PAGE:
I’ve been reading letters of praise for the state’s handling of the Haena/Wainiha/Ke‘e area after the road re-opening. And, yes, many things have gone well, first and foremost being a now very well-controlled Haena State Park Ke‘e area, replete with a delightful boardwalk route from the parking area to the beach.
There is no doubt that B.F. (before the flood) this area had reached an insanity-level of overcrowding and side-of-the-road parking problems, and the attractiveness and very health of the site was being severely threatened.
The April 2018 flood was certainly a disaster on some levels, and somewhat of a godsend on others. However, the restricted parking at Ke‘e has led to unintended and very dangerous consequences.
Cars that drive out to Haena and find they can’t park instead divert to spots along the way where you can park. The two such spots that stand out are Lumahai River mouth, and a beach called Kepuhi (just before you get to the Hanalei Colony Resort). These beaches are suddenly packed, and the problem is that these two beaches are (A) extremely dangerous and (B) unguarded.
And although there’s a good aspect to Ke‘e itself being less crowded than it was B.F., the fact is that there are times (namely mid- to late-afternoon) where I’m told that it is actually too uncrowded, with the people already having diverted to the two mentioned sites.
We’ve been blessed to have unusually calm ocean conditions in the Haena area this summer. But, this is about to change dramatically. Some of us have contacted our state legislators about this diverting that’s taking place, and the attendant dangers. We have urged them to please not regard the Haena plan as a done deal, and rather to regard it as work in progress and one that needs tweaks, e.g., less restrictive parking at Ke‘e in the afternoons? Possible use of a portion of the just-announced disaster funds for some safety measures at Lumahai and Kepuhi?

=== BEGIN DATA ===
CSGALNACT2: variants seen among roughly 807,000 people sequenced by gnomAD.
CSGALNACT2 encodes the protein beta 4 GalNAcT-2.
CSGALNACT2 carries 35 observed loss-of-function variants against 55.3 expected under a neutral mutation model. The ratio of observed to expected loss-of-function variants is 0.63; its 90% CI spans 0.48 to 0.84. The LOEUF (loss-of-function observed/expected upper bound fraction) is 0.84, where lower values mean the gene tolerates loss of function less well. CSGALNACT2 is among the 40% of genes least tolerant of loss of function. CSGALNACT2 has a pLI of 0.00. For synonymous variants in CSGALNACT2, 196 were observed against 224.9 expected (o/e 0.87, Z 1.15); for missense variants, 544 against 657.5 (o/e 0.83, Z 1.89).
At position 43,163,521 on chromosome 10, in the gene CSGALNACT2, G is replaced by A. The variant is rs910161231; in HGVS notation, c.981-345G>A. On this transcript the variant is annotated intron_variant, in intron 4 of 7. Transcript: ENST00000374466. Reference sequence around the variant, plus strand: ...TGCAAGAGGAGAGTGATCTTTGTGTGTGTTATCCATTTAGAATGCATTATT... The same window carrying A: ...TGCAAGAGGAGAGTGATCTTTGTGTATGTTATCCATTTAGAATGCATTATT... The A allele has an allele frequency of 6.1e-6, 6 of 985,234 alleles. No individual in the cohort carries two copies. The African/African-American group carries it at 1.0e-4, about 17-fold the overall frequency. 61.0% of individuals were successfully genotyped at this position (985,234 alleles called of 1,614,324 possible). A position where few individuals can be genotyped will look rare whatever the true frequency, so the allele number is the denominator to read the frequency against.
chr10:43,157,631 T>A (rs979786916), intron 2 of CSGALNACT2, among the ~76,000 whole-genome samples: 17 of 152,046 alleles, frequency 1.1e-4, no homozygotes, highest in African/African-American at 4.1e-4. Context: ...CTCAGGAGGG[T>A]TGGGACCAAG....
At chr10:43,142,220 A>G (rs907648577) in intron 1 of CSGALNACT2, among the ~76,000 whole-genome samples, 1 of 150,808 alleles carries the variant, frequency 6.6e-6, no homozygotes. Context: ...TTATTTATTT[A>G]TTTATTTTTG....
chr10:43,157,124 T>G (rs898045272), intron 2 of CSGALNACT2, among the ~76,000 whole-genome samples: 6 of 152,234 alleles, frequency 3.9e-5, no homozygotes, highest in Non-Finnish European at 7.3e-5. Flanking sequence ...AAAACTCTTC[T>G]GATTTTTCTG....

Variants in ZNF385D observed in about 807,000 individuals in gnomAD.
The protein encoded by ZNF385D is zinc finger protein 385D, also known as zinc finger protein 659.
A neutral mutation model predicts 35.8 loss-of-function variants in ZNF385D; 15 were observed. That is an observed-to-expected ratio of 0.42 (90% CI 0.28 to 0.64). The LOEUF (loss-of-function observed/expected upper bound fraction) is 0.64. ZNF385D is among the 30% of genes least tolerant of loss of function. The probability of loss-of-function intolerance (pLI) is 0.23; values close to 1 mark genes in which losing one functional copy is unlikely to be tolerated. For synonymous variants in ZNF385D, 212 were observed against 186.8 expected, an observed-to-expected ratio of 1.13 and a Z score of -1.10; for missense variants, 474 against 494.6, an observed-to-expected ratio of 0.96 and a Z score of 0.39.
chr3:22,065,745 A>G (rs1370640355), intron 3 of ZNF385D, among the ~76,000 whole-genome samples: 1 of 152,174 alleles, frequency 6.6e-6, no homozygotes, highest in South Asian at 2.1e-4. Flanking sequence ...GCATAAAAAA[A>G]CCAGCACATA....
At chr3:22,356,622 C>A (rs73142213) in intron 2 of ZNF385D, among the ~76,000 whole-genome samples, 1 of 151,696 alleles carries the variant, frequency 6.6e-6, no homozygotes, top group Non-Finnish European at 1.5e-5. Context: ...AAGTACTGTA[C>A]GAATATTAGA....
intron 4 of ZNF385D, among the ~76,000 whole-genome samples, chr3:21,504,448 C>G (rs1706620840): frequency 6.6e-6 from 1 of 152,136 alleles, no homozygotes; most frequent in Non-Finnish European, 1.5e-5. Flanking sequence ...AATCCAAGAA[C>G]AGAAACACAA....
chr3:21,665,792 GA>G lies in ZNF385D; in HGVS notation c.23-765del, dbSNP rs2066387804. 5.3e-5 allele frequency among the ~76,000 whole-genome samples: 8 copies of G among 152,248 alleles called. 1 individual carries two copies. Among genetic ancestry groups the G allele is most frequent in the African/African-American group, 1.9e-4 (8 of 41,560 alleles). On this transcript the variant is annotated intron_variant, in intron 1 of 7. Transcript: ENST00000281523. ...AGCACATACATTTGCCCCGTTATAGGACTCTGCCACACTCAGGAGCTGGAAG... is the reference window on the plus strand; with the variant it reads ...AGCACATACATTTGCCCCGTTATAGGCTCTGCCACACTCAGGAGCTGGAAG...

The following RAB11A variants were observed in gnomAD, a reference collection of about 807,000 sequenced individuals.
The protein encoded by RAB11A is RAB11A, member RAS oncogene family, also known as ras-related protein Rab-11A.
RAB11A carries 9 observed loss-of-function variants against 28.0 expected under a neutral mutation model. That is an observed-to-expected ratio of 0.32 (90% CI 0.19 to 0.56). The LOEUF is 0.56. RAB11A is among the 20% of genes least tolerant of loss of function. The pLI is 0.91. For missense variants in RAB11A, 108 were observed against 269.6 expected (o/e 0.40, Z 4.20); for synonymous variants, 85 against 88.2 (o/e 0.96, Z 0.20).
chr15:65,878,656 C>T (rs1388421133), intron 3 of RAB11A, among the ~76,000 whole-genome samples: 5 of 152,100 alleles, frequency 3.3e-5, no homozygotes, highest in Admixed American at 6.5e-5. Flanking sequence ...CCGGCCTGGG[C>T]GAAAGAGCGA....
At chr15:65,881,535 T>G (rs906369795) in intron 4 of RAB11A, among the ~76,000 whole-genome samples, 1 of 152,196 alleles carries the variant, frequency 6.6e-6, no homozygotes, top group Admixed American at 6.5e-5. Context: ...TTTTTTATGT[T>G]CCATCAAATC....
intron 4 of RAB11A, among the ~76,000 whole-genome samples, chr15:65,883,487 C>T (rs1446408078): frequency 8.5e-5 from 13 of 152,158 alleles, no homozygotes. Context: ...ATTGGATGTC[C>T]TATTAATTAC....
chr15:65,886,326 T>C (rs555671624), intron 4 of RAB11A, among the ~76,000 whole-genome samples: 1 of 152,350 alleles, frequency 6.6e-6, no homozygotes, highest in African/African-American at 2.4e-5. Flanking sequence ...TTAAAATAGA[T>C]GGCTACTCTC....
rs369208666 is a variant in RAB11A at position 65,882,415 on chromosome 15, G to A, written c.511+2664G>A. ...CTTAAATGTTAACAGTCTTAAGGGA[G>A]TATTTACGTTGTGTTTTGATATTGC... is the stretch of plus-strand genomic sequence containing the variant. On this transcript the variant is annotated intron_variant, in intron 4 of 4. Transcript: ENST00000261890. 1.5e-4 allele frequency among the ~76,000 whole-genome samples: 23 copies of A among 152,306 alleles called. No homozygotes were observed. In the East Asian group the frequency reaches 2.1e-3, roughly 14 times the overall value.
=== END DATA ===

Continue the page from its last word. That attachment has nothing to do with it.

Switching to another topic, somewhat related: There has also been a diverting of beachgoers to Anini Beach Park, where two families’ hearts were broken just this last week. This is a whole other story which involves county legislators and administrators, as opposed to the state personnel in charge of Ke‘e.
The very dangerous mix of boating and swimming near the boat ramp area is just one of the tough issues being studied, in addition to the influx of people that we’ve described. Our county leaders have been working diligently on the Anini situation, including funding a roving lifeguard unit to keep an eye on the area as best as possible. This area, too, is very much a work in progress.
All in all our water-safety advocates and professionals are reeling after last week’s Anini deaths, as are many of Kauai’s citizens — not to mention the destroyed families. I don’t have any words of wisdom other than we’ll keep trying. And for our own mental health, let’s not let ourselves forget the three saved men at Kealia Beach three weeks ago. We could very easily have had three more heart-broken families if not for all the work that is being done by our professionals and by our lay supporters.
Monty Downs, M.D., is president of the Kauai Lifeguard Association.